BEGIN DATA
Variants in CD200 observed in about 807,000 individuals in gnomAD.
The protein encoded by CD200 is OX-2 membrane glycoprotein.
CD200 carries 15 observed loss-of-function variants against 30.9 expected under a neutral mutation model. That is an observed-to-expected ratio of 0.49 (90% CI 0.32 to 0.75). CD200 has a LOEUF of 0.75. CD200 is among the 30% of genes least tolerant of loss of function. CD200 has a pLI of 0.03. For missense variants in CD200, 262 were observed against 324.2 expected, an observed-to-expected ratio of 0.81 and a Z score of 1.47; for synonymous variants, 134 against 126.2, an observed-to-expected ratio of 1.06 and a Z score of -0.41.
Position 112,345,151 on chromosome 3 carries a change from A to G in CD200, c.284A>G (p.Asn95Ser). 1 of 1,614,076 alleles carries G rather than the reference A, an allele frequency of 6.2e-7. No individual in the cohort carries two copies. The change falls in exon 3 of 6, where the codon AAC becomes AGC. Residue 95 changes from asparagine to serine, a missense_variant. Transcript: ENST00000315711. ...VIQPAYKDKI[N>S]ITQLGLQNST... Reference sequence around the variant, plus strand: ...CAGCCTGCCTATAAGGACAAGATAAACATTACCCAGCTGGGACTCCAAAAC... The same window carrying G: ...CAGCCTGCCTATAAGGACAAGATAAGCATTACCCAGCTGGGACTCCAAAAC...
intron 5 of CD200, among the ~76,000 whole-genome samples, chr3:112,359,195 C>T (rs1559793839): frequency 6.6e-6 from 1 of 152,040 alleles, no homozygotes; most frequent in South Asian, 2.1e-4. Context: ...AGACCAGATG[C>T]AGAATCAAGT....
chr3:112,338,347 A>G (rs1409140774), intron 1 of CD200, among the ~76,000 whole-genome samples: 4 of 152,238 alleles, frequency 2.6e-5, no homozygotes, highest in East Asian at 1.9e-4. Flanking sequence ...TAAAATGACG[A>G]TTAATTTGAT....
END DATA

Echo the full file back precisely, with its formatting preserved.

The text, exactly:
Variants in CD200 observed in about 807,000 individuals in gnomAD.
The protein encoded by CD200 is OX-2 membrane glycoprotein.
CD200 carries 15 observed loss-of-function variants against 30.9 expected under a neutral mutation model. That is an observed-to-expected ratio of 0.49 (90% CI 0.32 to 0.75). CD200 has a LOEUF of 0.75. CD200 is among the 30% of genes least tolerant of loss of function. CD200 has a pLI of 0.03. For missense variants in CD200, 262 were observed against 324.2 expected, an observed-to-expected ratio of 0.81 and a Z score of 1.47; for synonymous variants, 134 against 126.2, an observed-to-expected ratio of 1.06 and a Z score of -0.41.
Position 112,345,151 on chromosome 3 carries a change from A to G in CD200, c.284A>G (p.Asn95Ser). 1 of 1,614,076 alleles carries G rather than the reference A, an allele frequency of 6.2e-7. No individual in the cohort carries two copies. The change falls in exon 3 of 6, where the codon AAC becomes AGC. Residue 95 changes from asparagine to serine, a missense_variant. Transcript: ENST00000315711. ...VIQPAYKDKI[N>S]ITQLGLQNST... Reference sequence around the variant, plus strand: ...CAGCCTGCCTATAAGGACAAGATAAACATTACCCAGCTGGGACTCCAAAAC... The same window carrying G: ...CAGCCTGCCTATAAGGACAAGATAAGCATTACCCAGCTGGGACTCCAAAAC...
intron 5 of CD200, among the ~76,000 whole-genome samples, chr3:112,359,195 C>T (rs1559793839): frequency 6.6e-6 from 1 of 152,040 alleles, no homozygotes; most frequent in South Asian, 2.1e-4. Context: ...AGACCAGATG[C>T]AGAATCAAGT....
chr3:112,338,347 A>G (rs1409140774), intron 1 of CD200, among the ~76,000 whole-genome samples: 4 of 152,238 alleles, frequency 2.6e-5, no homozygotes, highest in East Asian at 1.9e-4. Flanking sequence ...TAAAATGACG[A>G]TTAATTTGAT....